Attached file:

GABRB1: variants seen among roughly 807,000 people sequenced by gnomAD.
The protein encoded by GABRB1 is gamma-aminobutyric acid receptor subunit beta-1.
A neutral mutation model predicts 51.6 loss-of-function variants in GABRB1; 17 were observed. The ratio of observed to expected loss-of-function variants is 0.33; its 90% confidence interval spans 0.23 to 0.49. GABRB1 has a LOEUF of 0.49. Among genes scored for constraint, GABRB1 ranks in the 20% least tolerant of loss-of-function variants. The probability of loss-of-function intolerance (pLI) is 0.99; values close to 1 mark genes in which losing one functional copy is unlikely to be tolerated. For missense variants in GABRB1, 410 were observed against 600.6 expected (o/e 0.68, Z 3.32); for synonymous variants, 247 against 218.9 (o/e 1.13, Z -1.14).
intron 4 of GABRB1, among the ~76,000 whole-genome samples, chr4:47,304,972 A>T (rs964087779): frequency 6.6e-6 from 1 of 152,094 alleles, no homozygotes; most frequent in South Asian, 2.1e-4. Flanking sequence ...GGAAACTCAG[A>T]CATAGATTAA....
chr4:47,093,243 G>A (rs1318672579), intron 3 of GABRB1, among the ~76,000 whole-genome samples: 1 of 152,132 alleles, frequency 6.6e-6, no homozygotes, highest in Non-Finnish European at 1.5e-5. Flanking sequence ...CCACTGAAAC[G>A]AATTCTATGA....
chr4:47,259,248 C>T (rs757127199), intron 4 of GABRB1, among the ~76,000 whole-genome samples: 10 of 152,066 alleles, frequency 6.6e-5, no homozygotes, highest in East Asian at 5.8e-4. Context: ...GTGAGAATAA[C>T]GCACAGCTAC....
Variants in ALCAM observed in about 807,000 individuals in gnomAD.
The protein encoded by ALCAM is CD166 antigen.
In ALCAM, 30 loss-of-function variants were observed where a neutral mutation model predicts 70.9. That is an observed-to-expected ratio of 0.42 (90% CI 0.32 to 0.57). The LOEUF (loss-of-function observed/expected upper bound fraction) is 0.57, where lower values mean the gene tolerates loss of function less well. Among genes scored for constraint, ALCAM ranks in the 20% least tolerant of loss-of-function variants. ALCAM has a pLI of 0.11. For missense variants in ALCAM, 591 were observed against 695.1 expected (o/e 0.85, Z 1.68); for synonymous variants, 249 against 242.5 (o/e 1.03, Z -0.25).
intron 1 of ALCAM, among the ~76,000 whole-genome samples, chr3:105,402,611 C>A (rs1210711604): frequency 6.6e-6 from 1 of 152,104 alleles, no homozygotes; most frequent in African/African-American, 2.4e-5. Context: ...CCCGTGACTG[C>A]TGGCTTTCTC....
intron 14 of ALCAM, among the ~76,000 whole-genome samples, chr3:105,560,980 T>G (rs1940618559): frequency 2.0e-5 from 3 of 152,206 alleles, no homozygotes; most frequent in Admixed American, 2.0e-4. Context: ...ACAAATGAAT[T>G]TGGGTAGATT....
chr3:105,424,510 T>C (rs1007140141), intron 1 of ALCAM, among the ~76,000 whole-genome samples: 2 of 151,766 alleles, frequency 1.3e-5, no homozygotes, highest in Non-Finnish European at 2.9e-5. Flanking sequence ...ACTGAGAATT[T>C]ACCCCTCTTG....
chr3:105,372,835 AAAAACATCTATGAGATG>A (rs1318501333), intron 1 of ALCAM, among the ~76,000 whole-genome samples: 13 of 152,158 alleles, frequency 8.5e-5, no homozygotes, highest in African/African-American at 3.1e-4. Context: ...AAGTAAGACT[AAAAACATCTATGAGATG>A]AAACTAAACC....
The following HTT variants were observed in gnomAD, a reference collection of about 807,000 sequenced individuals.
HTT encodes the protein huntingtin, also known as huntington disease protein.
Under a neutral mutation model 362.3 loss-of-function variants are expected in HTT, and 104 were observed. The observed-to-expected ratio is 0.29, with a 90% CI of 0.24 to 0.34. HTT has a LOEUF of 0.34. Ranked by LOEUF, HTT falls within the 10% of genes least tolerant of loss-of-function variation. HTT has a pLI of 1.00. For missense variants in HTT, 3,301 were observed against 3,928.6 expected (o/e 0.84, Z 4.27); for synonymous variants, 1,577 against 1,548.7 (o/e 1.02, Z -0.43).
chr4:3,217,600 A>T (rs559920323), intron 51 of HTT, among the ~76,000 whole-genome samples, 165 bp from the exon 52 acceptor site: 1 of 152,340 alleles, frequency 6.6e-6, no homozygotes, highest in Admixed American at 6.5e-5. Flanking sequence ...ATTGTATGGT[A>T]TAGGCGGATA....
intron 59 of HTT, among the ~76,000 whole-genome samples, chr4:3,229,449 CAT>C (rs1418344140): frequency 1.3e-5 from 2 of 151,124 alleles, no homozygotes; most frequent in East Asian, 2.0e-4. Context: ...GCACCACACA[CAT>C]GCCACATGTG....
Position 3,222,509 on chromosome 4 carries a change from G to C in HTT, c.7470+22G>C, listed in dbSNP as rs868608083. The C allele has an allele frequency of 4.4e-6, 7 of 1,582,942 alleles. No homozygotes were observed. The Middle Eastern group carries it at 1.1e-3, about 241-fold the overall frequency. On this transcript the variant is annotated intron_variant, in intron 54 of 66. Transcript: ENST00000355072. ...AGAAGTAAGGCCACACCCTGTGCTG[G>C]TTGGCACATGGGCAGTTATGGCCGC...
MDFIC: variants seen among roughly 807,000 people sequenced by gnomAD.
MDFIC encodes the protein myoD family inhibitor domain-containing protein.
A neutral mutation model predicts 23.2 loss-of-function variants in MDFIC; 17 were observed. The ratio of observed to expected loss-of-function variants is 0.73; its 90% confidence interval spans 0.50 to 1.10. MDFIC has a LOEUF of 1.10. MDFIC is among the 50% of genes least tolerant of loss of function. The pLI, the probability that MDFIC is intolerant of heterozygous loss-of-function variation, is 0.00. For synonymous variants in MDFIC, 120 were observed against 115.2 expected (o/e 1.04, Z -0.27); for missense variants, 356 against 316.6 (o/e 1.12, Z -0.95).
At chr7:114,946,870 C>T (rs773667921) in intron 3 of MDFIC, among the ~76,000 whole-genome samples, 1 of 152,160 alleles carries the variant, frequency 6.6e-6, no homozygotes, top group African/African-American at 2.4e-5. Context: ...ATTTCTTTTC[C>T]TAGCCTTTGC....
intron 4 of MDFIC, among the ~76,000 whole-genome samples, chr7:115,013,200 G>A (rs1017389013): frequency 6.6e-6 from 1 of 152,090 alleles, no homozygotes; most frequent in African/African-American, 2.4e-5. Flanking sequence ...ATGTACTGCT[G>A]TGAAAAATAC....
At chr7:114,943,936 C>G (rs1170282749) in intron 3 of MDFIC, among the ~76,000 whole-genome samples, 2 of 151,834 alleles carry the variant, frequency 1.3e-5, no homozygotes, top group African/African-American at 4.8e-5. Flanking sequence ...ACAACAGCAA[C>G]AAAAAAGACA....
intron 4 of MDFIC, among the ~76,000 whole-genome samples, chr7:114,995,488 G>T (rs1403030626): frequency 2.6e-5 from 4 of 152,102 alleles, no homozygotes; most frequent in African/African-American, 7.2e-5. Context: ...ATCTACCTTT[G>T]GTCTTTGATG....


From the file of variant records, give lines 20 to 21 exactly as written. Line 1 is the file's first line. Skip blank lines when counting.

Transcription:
MDFIC: variants seen among roughly 807,000 people sequenced by gnomAD.
MDFIC encodes the protein myoD family inhibitor domain-containing protein.